I too wish that those who can only talk about America would hush up for a bit. US prison population (2010) 2.25 million. Slaves in India about 14 million.
posted by adamvasco at 3:07 PM on October 17, 2013 [2 favorites]


Perhapsolutely: I don't know that it's unequivocal.

A friend of mine knows a great deal about Mauritania: has lived there for years, speaks the language, has many Mauritanian friends. They're pretty conflicted about all this, saying that even after all the time they've spent, even being a trained social scientist and someone concerned with social justice, it isn't clear to them what the actual status is of people who work in middle- to upper-middle class Mauritanian homes. They specifically told me--in direct contradiction to the report--that we're not talking chattel slavery in many cases, and that many times when people are "not free to leave" someone's service it may simply be that they don't have any alternatives. Their concern is that in framing the issue as one of slavery the solution becomes abolition. And then what? They worry that the key issues that drive people to work in domestic service--sheer, grinding poverty and total lack of labor regulations--will be left untouched. (In that vein, I was interested to see the Gulf States and Bangladesh get a fairly free pass here, despite pretty horrendous labor relations...)

That and they worry that the term "slavery" will contribute to a simplistic understanding of Mauritanian race relations, although I didn't actually see that in the Walk Free country study.

Anyway, I'll be interested to hear their reaction once they've read the actual report. And all that said, it's hard to see that it could be much of a bad thing to raise a hue and cry about the undeniable fact that many, many people live in untenable, unacceptable relations to their employers in Mauritania and elsewhere. Perfect is the enemy of the good and all that.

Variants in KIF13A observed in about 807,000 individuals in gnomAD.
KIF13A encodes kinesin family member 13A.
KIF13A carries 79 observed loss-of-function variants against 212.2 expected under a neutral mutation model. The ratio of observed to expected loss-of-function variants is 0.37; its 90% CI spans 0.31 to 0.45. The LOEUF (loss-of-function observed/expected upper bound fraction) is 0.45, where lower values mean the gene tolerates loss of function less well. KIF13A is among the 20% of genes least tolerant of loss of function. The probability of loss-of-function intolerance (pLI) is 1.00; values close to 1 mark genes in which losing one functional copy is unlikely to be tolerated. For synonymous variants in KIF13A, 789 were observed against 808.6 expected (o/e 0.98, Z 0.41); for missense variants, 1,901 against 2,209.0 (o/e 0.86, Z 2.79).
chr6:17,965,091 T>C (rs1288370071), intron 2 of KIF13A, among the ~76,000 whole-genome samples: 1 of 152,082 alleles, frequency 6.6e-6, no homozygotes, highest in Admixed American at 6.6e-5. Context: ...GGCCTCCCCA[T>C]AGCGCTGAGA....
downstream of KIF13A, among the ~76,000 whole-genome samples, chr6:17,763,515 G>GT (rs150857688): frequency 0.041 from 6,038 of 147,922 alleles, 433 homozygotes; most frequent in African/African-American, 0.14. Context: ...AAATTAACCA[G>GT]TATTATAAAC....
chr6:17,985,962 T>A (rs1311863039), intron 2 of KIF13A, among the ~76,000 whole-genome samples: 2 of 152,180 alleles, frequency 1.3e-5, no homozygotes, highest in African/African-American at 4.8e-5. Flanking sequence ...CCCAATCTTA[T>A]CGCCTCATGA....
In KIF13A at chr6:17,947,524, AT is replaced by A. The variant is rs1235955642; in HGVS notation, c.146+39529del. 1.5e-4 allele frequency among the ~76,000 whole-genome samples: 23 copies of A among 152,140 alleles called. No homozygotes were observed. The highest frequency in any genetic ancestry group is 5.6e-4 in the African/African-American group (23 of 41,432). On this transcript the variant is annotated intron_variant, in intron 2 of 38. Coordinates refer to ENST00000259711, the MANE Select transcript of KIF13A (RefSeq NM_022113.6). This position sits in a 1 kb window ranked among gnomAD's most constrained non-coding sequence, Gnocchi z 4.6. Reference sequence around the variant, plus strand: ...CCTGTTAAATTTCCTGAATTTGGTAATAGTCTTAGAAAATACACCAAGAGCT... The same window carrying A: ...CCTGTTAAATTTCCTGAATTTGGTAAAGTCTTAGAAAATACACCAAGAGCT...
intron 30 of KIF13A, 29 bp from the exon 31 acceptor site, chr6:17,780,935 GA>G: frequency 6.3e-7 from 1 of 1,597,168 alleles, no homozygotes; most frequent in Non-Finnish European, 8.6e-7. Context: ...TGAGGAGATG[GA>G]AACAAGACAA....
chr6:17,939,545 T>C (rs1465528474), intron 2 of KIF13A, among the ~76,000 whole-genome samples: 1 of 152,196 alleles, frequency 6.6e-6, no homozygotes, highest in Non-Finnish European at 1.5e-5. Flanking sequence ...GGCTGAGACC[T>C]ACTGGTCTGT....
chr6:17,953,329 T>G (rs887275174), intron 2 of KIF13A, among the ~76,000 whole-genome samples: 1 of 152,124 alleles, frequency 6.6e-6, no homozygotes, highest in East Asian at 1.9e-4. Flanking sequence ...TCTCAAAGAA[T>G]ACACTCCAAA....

posted by col_pogo at 8:20 PM on October 17, 2013 [2 favorites]


Chattel slavery was much more clear-cut because it had a legal basis. Unrecognized slavery like labour trafficking and debt-exploitation is a lot harder to fight, both in identifying it and in raising the funds and social willpower against it.

A couple of years ago, interviewing a sex worker in Cambodia, she explained why she preferred this particular brothel was because she could get 0% interest loans from the brothel manager that were deducted from her pay. She got I think about $3 a session, of which $1.20 or so went to the brothel manager in return for room and board (tiny cupboard room and two meals a day, worth about $40 in market value at the time), so she was definitely a huge profit centre for the brothel because she had about 10 clients a day, plus a significant loan to repay.

Previously, the mark-up on "company goods" was much higher so the sex worker would end up owing a debt, and they would beat up sex workers to make them stay, or get them hooked on drugs. They still do, but the no interest loan was such a creative strategy against increased sex worker rights by the brothel owner because it was not illegal at all, but it led to a situation of sexual exploitation and slavery.

She wasn't physically bound or illegally intimidated, but because she could not get access to credit that wasn't at a 1000% annual percent from a moneylender, had no assets or paperwork herself and had multiple family members and crises in her home province that she needed to meet, she was just as invisibly bound to that little wooden cupboard as if she had been chained.

Same goes for all the isolated hidden domestic servants who don't make the news but are in some ways are as or more physically vulnerable to sexual, physical and emotional abuse than someone trafficked physically to a brothel who has customers and other sex workers to turn to.
posted by viggorlijah at 10:00 PM on October 17, 2013 [3 favorites]